On Computing

Helpful Tips for Windows 10…

Joel Howell

Article by Joel Howell Newsletter Editorial Board


Windows 10 is here to stay and will probably only be updated hereafter. There are a number of tips and tricks to navigation that either you did not know about or perhaps have forgotten. Thanks to CNET and the Internet, here are some nuances that can help.

Minimizing all windows except the active one can have a surprising effect on performance. You can minimize a crowded internet window quickly by selecting the tab you want to remain open, hold the mouse down and move the window back and forth quickly. In no time, all other open windows will minimize, allowing you to have only the tab you’ve been shaking open.

Did you know there is a ‘secret’ start menu on the Windows 10? The traditional method is clicking the Windows icon on the bottom left of the screen. However, there are two ways to access this second start menu: either by pressing the Windows key + X or right click the Windows icon / start button.

You can also create an event in your calendar without having to open that app. Here are the steps: (1) open Taskbar, click the box with the time and date in it (this will be in the right coroner of your screen); (2) click the date of the event; (3) put the event name, time and location (tip: if you have multiple calendars, click the down arrow next to the event name field to choose the one you want to add it to.); (4) click save. Now the event will appear on your calendar app across all connected devices.

Sometimes a screenshot is the only way to capture the information needed. This might seem like something many people know about, but this is a tool so useful, it is worth mentioning. Here are the two most common / useful methods. First, if you want to take a screenshot of the entire screen, type the following: Windows key + Print Screen Key. This will allow capture of the entire screen, creating a picture and saving the picture to the screenshots folder. Second, to take a screenshot of just a portion of the screen then they should do the following: hit the Windows key + Shift + S (all at one time). This will open a tool called the Snip & Sketch, allowing you to click and drag to create a screenshot of the desired portion and not the entire screen. This will be saved to your clipboard (much like copying and pasting.

A neat trick for quicker shortcut options is to open items that are on your Taskbar using keyboard shortcuts. If a program is pinned on the Taskbar (the bar at the bottom of your screen), you don’t have to click the icons to open them. Instead, you can type the following as a shortcut: Windows key + [Number key]. (Tip: The number you hit will correspond with the position of the program on the Taskbar.)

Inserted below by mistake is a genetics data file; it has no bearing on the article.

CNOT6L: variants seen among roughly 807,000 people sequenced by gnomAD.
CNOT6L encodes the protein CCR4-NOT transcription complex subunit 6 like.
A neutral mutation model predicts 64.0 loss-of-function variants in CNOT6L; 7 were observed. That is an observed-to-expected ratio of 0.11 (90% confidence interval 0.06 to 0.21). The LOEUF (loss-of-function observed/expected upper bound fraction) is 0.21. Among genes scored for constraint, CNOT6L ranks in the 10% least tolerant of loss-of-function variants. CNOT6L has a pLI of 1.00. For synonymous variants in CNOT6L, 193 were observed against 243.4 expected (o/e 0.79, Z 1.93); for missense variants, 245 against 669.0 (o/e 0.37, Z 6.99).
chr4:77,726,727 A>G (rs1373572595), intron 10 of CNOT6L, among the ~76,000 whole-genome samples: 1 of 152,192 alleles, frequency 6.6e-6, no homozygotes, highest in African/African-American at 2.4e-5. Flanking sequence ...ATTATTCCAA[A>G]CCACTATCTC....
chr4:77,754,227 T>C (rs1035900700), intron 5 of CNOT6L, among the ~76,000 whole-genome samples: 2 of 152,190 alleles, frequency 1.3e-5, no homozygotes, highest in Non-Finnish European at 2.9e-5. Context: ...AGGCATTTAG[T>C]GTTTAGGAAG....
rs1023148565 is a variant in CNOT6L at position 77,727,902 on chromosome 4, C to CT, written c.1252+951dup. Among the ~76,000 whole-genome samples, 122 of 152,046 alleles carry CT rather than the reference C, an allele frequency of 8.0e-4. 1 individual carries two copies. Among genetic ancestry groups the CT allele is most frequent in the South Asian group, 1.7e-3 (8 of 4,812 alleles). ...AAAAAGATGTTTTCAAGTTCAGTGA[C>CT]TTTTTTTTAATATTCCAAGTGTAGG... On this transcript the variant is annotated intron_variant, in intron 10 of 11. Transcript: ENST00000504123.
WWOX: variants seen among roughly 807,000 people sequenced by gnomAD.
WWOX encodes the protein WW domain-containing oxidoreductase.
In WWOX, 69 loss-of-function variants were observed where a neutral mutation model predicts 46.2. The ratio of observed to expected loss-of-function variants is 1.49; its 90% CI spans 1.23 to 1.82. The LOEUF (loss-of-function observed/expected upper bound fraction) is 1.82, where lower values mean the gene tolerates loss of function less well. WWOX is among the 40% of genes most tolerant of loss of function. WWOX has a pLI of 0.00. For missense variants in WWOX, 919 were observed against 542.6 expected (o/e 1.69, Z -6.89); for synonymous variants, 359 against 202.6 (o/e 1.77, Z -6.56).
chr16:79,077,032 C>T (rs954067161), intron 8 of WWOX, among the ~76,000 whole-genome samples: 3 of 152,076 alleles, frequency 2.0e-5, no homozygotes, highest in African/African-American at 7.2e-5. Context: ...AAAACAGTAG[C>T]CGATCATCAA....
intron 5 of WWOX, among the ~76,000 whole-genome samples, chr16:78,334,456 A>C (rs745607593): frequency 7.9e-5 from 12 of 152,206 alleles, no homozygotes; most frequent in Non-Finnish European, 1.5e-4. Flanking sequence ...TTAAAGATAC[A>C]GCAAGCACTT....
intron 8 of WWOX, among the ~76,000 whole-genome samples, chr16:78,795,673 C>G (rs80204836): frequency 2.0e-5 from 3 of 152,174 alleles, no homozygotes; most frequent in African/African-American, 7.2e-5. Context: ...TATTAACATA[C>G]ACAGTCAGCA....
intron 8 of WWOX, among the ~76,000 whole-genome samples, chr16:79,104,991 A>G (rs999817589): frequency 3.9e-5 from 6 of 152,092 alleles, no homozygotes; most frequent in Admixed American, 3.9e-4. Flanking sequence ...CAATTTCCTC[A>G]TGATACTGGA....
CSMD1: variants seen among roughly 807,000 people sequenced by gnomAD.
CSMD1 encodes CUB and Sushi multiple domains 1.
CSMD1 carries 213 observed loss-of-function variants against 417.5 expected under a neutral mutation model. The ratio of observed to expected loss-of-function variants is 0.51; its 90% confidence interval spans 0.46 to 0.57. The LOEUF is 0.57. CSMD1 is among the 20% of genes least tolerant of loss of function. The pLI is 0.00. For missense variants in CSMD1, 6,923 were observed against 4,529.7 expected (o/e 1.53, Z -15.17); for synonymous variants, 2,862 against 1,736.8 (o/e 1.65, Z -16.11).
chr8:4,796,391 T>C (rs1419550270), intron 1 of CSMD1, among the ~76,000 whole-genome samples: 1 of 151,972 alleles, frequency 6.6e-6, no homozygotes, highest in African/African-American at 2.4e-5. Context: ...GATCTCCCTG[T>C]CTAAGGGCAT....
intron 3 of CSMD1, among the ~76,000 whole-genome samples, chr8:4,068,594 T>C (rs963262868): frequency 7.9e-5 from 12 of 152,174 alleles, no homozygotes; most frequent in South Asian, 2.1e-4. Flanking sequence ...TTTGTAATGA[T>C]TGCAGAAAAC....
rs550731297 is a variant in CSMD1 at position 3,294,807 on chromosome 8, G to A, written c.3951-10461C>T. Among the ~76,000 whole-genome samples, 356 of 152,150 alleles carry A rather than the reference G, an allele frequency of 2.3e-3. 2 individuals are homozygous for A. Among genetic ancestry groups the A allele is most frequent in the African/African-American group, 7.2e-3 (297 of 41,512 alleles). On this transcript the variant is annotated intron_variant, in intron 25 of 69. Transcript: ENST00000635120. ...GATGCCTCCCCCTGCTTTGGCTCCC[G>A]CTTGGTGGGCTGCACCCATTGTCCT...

Apps can take up a lot of space on your computer. If you are experiencing lag time, it never hurts to know how much space the apps on your computer is taking up. These are the steps to figure that out: Settings > System> Storage. Then, click on the drive you want to search (most likely “This PC”), and click Apps & games. This should list all the apps installed on your computer and show how much space they are using. You might be surprised to find some apps running in the background that you forgot to close out.

Apps can really drag your computer’s performance and battery life down. One way to help your computer’s performance is by shutting down background apps that are running while you are unaware. Good news is that you can stop these apps from running in the background and make your computer run faster in the process. First, go to Settings > Privacy > Background apps. Then, to stop all apps from running in the background, toggle Let apps run in the background to OFF. (Tip: you might want to have some apps you want to keep running in the background like location services. In that case, you can choose which apps to run in the background individually by going down the list and clicking the box).

Did you know there are ads in your Start menu? When running Windows 10 with default settings, there might be ads on the right side of your Start menu. These are termed “suggestions,” by Microsoft, but they are actually ads for Windows Store apps you can buy. Luckily, you can get rid of them easily: (1) go to Settings > Personalization > Start; (2) toggle the setting called Show suggestions occasionally in Start to the off position.

Background scrolling might seem simple, but it can save a lot of time when working on two documents simultaneously. If you find yourself having two documents open at the same time on your screen (think an internet browser and a Word document). Users can arrange both screens so that they can be read side-by-side. If you are in a Word document but need to scroll through the internet tab, all you have to do is hover the mouse or touchpad to the window and scroll. This should be a default setting, but if it’s not here are the steps to enable or disable this feature. Go to Settings > Devices > Mouse, then toggle Scroll inactive windows when I hover over them and turn it ON.

Computers can be a distraction at times. In Windows 10, you can put your computer on “do not disturb” mode for a while. Just go to Settings > System > Focus Assist. Once the menu is up, you can choose from three options: off, priority, or alarms. First, the off option allows for users to get all notifications from apps and contact off their screens. Second, the priority option allows users to only see selected notifications from a priority list you customize, the rest will be sent to your action center. Third, the “alarms only” option allows for all notifications to be hidden except for alarms.

Questions or comments? Drop me an email: jwh3@mindspring.com